Do you find change scary? Are you more comfortable with what’s familiar?
If so then guess what, you’re completely normal. Where it becomes problematic is when we cling to a way of being that doesn’t serve us in a positive way.
In other words there is an aspect of our life that we want to change or improve, but fear of the unknown holds us back and prevents us from taking action. Again this is also quite normal, because change does take effort and can often seem like an enormous undertaking.
When this happens, a great way to break through this hesitation is to simply ‘do something differently’ than you did yesterday. Pick something small, something easy at first, it really doesn’t matter. Because what you are learning is that change can be painless, and that you can be successful at it if you just have the confidence to try.
Now you’ve proved to yourself that change is possible, pick something else and enjoy the feeling when you once again succeed. After a very short time your mind gets used to anticipating success and the reward that comes from embracing change.
Now you are less afraid of tackling that one thing that really matters, and know that you are capable of breaking through any resistance. All it takes is that one small step to get you started.
You know when someone asks, “How are you, are you well?” our default answer almost without thought is “fine”. It’s as if we don’t even give any consideration to the question, and certainly not to the answer. OK in that context you don’t want to enter into some lengthy conversation with someone who is merely passing the time of day, but it does raise a good point. What constitutes being ‘Well’, and what does it mean to you? You may just think that reasonable physical health constitutes a positive answer, but I think that we’re more than that, and to be truly ‘Well’ we need to experience fulfilment in a number of areas.
I don’t think it’s unusual to feel that there is a certain aspect of one’s life that is out of balance, or just a vague notion that something is ‘missing’.
Wellness allows us to identify the areas within our lives that we feel are lacking. We can break down our lives into a number of areas…..
Wellness is a conscious, self directed and evolving process by which we can achieve our full potential. It is an active process through which we become aware of, and make choices towards a more successful existence. In short, it is the pathway to optimal living.
By examining the various areas of our life we see where we can begin to make small changes. The great thing about starting small is that it’s easy to do, but each small improvement adds up over a very short time to contribute to a greater whole.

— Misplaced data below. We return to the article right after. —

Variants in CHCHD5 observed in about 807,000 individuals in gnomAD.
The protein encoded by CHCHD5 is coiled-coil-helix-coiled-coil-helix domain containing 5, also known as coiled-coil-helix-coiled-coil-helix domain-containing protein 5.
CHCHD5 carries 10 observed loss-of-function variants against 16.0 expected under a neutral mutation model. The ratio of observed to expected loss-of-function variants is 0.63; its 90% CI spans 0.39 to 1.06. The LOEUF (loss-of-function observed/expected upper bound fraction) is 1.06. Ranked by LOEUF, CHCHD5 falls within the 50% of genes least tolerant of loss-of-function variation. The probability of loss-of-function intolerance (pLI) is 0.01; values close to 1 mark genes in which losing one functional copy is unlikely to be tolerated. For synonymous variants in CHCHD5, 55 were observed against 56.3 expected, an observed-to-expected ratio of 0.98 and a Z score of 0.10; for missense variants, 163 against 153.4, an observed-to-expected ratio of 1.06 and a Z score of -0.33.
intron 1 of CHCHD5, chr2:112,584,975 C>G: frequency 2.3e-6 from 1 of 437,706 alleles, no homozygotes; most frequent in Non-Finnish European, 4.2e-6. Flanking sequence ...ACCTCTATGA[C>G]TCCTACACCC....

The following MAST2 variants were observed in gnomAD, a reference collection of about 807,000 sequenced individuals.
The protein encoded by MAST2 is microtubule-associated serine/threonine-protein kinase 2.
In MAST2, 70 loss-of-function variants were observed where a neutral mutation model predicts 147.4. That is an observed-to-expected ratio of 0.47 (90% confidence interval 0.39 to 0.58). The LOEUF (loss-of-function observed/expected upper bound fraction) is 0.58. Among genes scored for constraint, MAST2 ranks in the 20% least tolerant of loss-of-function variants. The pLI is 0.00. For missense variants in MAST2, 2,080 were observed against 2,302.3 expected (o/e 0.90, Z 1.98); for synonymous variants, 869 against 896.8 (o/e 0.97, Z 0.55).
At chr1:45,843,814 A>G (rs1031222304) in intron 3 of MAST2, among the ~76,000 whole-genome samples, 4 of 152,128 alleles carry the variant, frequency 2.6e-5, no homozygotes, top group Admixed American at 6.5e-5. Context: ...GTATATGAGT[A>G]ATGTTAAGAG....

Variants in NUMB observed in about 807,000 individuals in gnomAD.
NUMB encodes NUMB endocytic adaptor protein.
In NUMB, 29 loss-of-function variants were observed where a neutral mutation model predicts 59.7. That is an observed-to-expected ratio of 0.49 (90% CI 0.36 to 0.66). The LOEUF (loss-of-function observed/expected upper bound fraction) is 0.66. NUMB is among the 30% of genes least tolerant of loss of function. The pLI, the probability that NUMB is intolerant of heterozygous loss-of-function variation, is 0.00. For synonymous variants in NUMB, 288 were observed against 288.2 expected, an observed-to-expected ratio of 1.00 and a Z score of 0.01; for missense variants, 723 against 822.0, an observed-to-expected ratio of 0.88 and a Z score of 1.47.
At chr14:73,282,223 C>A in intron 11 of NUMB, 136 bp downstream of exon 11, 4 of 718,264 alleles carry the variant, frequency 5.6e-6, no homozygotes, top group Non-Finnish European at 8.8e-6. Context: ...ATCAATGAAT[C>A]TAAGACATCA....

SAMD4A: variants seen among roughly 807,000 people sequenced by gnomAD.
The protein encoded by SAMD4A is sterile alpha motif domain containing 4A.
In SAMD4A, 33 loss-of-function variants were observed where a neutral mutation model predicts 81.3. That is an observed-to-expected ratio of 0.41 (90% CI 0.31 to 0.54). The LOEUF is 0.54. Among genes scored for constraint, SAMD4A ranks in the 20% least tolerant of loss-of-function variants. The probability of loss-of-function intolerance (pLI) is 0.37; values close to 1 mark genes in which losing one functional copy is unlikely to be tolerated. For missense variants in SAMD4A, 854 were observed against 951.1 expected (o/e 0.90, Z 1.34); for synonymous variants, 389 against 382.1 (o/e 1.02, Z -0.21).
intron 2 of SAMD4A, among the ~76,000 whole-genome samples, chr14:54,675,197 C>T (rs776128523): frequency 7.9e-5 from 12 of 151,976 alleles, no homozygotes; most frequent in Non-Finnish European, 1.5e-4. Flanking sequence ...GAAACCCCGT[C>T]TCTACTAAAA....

The end result, a more balanced and fulfilling life. So when someone asks how you are, you can answer with all certainty……..’I’m Well’!
Or to be more accurate ‘stand still and take a breath’ at least once a day.
Mindfulness involves us being aware of our thoughts and feelings, and to understand the effects they have on both mind and body. Too often we simply plough on through our life, feeling good or feeling bad, and everything in between. But rarely do we actually take time out to take note of what caused those feelings.
For example, the next time you feel really happy and positive about something, just take a moment to embrace those feelings and notice how they affect you both physically and mentally. Enjoy the experience, and value it. Now replay in your mind the events that lead up to this great feeling. It may just be a hug or smile from a friend or loved one. But equally it could be as a result of something that you’ve done really well. By taking a few moments out of your day to pause, and reflect, and by taking a deep breath, you ensure that this moment is anchored within your consciousness. You are now learning how to replicate these positive feelings, and with that comes the ability to feel good more often.
If your learning is related to something you did really well, you now have a blueprint to better performance.
On the flip side mindfulness works really well when we feel bad or upset. Often our reactions to events or situations are automatic, and don’t necessarily have rational origins. As before, by reflecting on what caused these bad feelings, we can gain an understanding as to what brought us to this point. Once we see the sequence of events, we can also see what we could do differently in order to prevent it happening again. This may just be a case of acknowledging that unpleasant things will occasionally happen to us, but now that we are in tune with our feelings we can choose to react differently. In this instance we can actually label these feelings and reactions as ‘unhelpful’, and amazingly, even this small trick is enough to interrupt an automatic reaction and prevent emotions spiralling out of control.
Mindfulness does take practice, and can feel a little strange to start with. But by making sure that we ‘Stand Still and take a Breath’ at least once a day, we begin creating a healthy habit that leads to positive self-evaluation and learning.